Emergency meeting demands Holyrood action on care homes crisis

Laura Owens, the Bonnybridge woman behind what's now a national campaign to save Scottish care homes.
Laura Owens, the Bonnybridge woman behind what's now a national campaign to save Scottish care homes.
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A packed meeting staged today by Bonnybridge woman Laura Owens heard repeated calls for private-owned care homes to be nationalised.

Mrs Owens - whose gran is one of the residents threatened with eviction from her Thornton Gardens home - has in recent weeks seen her initially local initiative become a potentially powerful campaigning organisation backed by the union UNISON.

Homes builder Bield has decided to axe its existing portfolio of 12 care homes, although it appears set to reinvest in high-end and more profitable ventures in future.

At the “emergency meeting” today in Glasgow speaker after speaker lambasted the “disgraceful” and “outrageous” lack of response to the crisis from the SNP administration at Holyrood.

It stands accused of washing its hands of a looming disaster that is already causing huge anxiety for 160 elderly people, but which will ultimately threaten countless thousands.

Two hundred employees are to lose their jobs, and - said UNISON - will on average each receive just £2.500 in redundancy payment.

It’s argued that Bield’s private enterprise failure today will inevitably be followed by others involved in the sector using the precedent to abandon their own ventures.

The main focus of Mrs Owens’ Save Our Bield group is the controversial decision by homes firm Bield to axe its care homes because they are not financially viable.

However UNISON Scottish Organiser John Gallacher dismissed the losses as “paper clip money” - possibly as little as £250,000 across the whole portfolio.

He said the Holyrood regime could easily cover the claimed deficit while trying to figure how to replace a system which “treats people like pieces of furniture to be moved around”.

He slammed the apparent ease with which Bield has been able to put the future of 160 vulnerable elderly people in doubt, without - as he sees it - any challenge from the Holyrood administration.

Meanwhile health secretary Shona Robison is among those most under fire for answering repeated calls for dialogue with “generic letters”.

She, and other Holyrood administration figures, were accused of being plain rude, but also misguided - because what was originally a protest has already become a campaign.

High profile MSPs Neil Findlay and Johann Lamont, the only Holyrood representatives to attend, both said they would do their best to get key Holyrood ministers to acknowledge both the protesters and the danger of a wider crisis.

Laura Owens told today’s meeting she had effectively torn up her pre-written speech and had decided to “speak from the heart”.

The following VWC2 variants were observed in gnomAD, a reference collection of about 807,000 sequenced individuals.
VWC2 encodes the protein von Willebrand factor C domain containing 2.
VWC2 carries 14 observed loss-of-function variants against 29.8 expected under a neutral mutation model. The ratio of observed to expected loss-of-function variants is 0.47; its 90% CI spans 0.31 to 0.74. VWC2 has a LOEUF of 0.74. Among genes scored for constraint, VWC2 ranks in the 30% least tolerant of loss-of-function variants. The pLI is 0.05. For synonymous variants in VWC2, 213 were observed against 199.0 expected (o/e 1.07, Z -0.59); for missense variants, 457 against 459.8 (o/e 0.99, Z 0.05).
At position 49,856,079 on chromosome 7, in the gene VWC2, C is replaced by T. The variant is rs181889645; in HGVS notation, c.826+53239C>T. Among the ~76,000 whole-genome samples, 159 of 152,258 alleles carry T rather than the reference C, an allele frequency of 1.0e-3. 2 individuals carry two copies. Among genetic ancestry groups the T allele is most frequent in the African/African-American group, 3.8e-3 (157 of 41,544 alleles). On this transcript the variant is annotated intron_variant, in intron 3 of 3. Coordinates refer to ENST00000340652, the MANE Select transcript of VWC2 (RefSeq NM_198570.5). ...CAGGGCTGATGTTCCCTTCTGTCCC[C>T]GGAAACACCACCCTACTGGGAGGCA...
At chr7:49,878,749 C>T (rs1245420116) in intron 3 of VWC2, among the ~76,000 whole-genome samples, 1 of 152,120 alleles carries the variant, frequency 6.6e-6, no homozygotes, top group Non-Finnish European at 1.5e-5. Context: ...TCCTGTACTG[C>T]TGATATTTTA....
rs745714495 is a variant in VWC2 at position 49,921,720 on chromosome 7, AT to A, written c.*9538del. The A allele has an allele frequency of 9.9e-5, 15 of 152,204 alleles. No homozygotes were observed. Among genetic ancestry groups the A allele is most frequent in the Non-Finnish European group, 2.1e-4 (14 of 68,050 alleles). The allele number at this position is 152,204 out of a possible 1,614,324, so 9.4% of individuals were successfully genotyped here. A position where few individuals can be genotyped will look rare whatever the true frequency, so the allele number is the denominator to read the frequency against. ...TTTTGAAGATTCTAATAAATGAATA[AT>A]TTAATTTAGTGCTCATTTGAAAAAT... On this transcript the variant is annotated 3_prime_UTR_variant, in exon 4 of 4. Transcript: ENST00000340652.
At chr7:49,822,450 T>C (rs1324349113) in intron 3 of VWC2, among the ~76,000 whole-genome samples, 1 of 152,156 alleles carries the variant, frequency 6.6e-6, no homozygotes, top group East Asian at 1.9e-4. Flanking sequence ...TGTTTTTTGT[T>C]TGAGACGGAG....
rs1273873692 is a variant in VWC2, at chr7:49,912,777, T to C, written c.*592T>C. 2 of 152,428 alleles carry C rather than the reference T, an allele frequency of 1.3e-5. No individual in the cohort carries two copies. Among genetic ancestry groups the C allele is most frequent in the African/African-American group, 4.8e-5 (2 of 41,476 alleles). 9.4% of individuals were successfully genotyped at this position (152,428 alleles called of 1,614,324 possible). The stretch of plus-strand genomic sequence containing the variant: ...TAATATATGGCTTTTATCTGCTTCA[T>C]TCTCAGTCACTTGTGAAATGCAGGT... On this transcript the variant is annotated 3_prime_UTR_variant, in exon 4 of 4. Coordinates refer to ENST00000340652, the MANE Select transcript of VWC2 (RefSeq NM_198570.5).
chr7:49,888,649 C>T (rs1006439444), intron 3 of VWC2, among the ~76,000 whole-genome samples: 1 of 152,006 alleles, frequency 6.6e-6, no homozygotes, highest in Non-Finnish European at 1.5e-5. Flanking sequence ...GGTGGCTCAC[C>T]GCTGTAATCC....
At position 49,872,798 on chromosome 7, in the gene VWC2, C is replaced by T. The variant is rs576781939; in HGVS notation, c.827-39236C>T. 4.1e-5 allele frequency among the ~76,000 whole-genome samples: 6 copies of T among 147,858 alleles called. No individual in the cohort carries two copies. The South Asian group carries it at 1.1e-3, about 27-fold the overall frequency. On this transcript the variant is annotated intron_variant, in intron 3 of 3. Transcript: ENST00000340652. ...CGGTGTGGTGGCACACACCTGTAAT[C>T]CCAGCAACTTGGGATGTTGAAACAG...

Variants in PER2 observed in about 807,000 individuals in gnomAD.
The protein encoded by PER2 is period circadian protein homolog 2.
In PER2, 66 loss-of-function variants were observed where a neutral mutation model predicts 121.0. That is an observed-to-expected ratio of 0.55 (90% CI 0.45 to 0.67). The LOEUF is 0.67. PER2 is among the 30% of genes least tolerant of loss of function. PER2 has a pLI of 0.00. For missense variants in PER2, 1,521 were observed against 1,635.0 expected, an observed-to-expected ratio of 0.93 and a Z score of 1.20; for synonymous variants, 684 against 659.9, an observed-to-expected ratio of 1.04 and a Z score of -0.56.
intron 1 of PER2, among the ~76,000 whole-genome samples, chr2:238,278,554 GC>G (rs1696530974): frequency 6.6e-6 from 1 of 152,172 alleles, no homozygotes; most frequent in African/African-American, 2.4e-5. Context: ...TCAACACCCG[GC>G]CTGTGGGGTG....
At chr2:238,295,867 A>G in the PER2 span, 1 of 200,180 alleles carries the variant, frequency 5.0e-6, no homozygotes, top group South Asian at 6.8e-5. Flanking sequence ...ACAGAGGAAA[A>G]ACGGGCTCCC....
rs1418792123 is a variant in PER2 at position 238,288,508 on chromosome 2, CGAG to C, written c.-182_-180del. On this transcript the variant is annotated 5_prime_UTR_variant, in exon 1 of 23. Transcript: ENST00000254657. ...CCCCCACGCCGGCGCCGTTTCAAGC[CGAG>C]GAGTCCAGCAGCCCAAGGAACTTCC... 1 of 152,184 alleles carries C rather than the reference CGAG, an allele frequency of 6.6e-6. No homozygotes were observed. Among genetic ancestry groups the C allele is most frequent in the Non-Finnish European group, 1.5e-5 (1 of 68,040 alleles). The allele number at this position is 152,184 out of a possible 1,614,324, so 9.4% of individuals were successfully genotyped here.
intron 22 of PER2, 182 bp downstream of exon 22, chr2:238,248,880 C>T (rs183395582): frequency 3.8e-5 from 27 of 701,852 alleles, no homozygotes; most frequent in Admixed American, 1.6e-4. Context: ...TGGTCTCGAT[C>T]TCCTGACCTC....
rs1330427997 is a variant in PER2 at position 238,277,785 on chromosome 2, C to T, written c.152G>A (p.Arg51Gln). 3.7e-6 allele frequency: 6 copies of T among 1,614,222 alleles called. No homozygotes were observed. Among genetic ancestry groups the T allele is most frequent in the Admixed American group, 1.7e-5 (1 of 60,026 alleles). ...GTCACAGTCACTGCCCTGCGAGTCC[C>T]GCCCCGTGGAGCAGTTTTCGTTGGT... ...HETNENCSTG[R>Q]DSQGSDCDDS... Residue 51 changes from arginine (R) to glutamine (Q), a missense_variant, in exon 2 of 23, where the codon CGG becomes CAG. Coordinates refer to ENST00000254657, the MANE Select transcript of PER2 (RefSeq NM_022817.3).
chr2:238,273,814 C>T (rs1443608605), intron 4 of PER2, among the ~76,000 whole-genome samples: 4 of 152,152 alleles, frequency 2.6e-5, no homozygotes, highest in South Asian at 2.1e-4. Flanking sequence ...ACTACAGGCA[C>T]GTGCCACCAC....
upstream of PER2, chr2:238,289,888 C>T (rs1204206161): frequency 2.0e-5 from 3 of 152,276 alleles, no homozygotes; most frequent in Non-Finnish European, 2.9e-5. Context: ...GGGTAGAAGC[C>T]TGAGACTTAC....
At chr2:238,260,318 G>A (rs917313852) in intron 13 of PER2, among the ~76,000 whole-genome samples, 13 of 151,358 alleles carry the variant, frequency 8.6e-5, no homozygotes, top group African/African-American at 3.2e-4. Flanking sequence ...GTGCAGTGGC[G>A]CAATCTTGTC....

“At what point in our history,” she asked, “did we decide that ‘care of the elderly’ and ‘profit’ should appear in the same sentence?”

The whole argument brought to light by the Bield debacle should be about people and not cash, she insisted.

“My gran is 87. and has two children, five grandchildren and three great grandchildren,” she said.

“She once worked as an Avon Lady, then in Tesco, from where she retired at the age of 74.

“She is a real person with a past - and also with a future”.

Now, Mrs Owens said, she is one of the 160 residents set to be driven from their homes with “no consultation, no choice and no respect”.

The main point of the meeting, as publicised on main news channels this morning, was the demand for the SNP government to U-Turn on its lack of action to stop Bield’s closures from going ahead.

But beyond that Save Our Bield also wants the administration to “get off their backsides and admit the economic model for care homes does not work”.

Professor of Social Work and Social Policy Iain Ferguson said: “It is Bield today - but who will it be tomorrow?

“The silence from ministers is deafening”.

One relative told the Falkirk Herald her own experience summed up the present crisis.

She said: “When I last saw my 89-year-old mum she had all her belongings packed in white bin bags - ready to be evicted.

“That is what we are inflicting on elderly people, and it is wrong.”

Bield says it has a five year strategy to quit the care home sector, although talks are ongoing which might see up to four kept open in Fife, Edinburgh and Jedburgh under new providers.

Bield’s housing and care director, Charlie Dickson, said yesterday: “The decision to close our care homes, including Woodlands in Bo’ness and West Port in Linlithgow, is very much a last resort option and the result of a number of complex and varied factors.

“The wellbeing of our residents remains of paramount importance to us and we fully understand how stressful this position is for both them and their families.

“Everything is being done to make sure the transition is as smooth as possible and we remain committed to maintaining the current level of care and support in our homes until residents have found alternative arrangements.”